Blueberry Relatives of the New World Tropics (Ericaceae)
by James Luteyn & Paola Pedraza-Peñalosa
The plant family Ericaceae (126 genera and ca. 4100 species) is better known by its economically important temperate species that include crop and ornamentals plants such as the blueberry, cranberry, Rhododendron, azalea, heath, and heather. However, Ericaceae have a much wider natural distribution and are also present in the mountains of tropical regions. In the tropics, the diversity and ecological importance of Ericaceae are significant, accounting for thousands of species and standing out as a dominant group in certain vegetation types.
This website is dedicated to the study of members of the Ericaceae that occur in the tropical Americas, more specifically within the Tropic of Cancer and Tropic of Capricorn (23°30’N-23°30’S). In the New World tropics (Neotropics) Ericaceae (66 genera and > 800 species) are a prominent component of the flora of the top priority area for conservation in the world, the tropical Andes. The tropical Andes (northern and central South America) have the greatest number of species and endemics (species exclusive to a region) of the world, and conservation there is of paramount importance since the region also has the highest levels of threat (deforestation, land transformation, etc.) (Mast et al., 1999).
In the Neotropics and especially in the northern Andes, Ericaceae species have very restricted geographic distributions and many genera are not found outside of the region (endemics), thus entire lineages are vulnerable to diminishing habitat and environment quality– 70% of the genera and 94% of the species are endemic to the Neotropics. Conservation of neotropical Ericaceae is important, because not only are they the close relatives of economically important species, but also because many neotropical species are edible or used by the local communities as well. Like their North American counterparts, recent studies have shown neotropical blueberries are also rich in antioxidants. Moreover, Ericaceae are a key component of montane ecosystems, particularly the berry-producing tribe Vaccinieae (inferior-ovary genera) that includes the closer relatives of the blueberries, as they provide food to numerous animals from insects and birds to mammals. In general, neotropical blueberries (Vaccinieae) are better represented in montane humid and cool ecosystems such as the cloud forest between1000 to 3500 meters elevation.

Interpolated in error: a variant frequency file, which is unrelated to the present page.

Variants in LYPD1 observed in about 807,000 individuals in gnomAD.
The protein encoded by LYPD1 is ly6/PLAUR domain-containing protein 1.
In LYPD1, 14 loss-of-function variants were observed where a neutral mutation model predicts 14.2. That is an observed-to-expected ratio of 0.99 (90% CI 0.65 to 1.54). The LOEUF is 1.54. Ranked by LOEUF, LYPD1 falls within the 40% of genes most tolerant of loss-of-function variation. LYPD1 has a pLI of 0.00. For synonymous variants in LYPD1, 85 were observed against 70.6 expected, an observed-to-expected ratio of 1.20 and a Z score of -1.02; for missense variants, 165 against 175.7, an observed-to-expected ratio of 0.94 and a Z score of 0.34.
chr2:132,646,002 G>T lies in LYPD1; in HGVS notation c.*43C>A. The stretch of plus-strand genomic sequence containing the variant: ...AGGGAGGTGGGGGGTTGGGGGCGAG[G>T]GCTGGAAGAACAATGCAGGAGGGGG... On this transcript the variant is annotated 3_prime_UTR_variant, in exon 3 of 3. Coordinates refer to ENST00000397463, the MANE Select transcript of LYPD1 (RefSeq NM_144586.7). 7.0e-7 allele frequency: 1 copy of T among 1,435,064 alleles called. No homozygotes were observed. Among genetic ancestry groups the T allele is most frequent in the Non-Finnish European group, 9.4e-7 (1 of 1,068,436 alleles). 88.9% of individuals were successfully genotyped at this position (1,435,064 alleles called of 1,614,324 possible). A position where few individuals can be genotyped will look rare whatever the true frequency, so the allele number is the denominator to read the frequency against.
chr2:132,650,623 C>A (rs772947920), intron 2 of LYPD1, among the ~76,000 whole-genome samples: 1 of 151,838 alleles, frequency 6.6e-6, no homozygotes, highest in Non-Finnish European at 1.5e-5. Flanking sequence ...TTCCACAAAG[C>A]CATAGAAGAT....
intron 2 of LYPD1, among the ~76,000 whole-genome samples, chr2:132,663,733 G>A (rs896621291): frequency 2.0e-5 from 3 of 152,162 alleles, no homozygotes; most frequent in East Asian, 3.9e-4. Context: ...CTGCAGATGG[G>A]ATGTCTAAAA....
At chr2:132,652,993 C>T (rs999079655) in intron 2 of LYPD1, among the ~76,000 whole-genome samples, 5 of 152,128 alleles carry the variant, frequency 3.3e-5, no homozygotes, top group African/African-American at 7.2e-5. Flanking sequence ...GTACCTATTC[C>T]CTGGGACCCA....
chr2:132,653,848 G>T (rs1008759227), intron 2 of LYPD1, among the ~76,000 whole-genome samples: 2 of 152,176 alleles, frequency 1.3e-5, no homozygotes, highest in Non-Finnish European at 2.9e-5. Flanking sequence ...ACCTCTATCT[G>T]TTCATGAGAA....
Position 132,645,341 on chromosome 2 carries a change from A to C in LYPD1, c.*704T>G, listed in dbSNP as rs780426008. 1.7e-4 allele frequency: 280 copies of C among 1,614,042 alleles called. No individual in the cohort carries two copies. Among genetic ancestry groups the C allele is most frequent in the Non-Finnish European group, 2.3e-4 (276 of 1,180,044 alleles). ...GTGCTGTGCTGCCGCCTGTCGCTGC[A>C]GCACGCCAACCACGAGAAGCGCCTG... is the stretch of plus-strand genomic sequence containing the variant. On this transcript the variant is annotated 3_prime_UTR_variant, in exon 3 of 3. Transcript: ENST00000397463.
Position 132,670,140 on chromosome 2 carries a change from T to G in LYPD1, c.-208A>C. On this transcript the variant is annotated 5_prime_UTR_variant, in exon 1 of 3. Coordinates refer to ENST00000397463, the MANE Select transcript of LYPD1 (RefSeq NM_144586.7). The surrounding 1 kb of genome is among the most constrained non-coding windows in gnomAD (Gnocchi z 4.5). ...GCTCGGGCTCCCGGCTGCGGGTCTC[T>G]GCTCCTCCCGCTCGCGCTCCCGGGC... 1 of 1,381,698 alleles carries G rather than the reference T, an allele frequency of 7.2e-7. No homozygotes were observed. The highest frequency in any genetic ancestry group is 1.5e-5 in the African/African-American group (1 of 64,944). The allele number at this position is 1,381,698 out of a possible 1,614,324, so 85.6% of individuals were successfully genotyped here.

This website, “Blueberries and Relatives (Ericaceae) of the New World Tropics,” seeks to bring together as much information as possible about the systematics of neotropical Ericaceae. Although the majority of neotropical Ericaceae have not been formally treated in taxonomic revisions, information has either been generated specifically for this site or extracted from published floristic and regional treatments or descriptions of new species; thus, the species lists, synonymies, and nomenclature of groups that have not been revised yet may have inconsistencies.
In this website we provide keys and descriptions for all the genera as currently accepted. The majority of neotropical genera are native to the Neotropics and only a few are also found in temperate and subtropical regions; for those with widespread distribution, the descriptions here presented are meant to represent only the variation within the Neotropics. At the species level, over 550 species are here described and illustrated; for georeferenced collections maps can be generated. Links are also provided for herbarium specimens deposited at The New York Botanical Garden’s William and Lynda Steere Herbarium (NY). Additional information includes synonymy, cultivated species, common names and uses, and notes on natural history. Sometimes the additional information includes a concept of “rare and endangered”, meaning that the species is very local in its known distribution (i.e., few localities), has been collected fewer than 10 times overall, and that its habitat is or has been undergoing severe transformation (i.e., destruction). This conservation status is an informal one and is revised as necessary and as more information becomes available.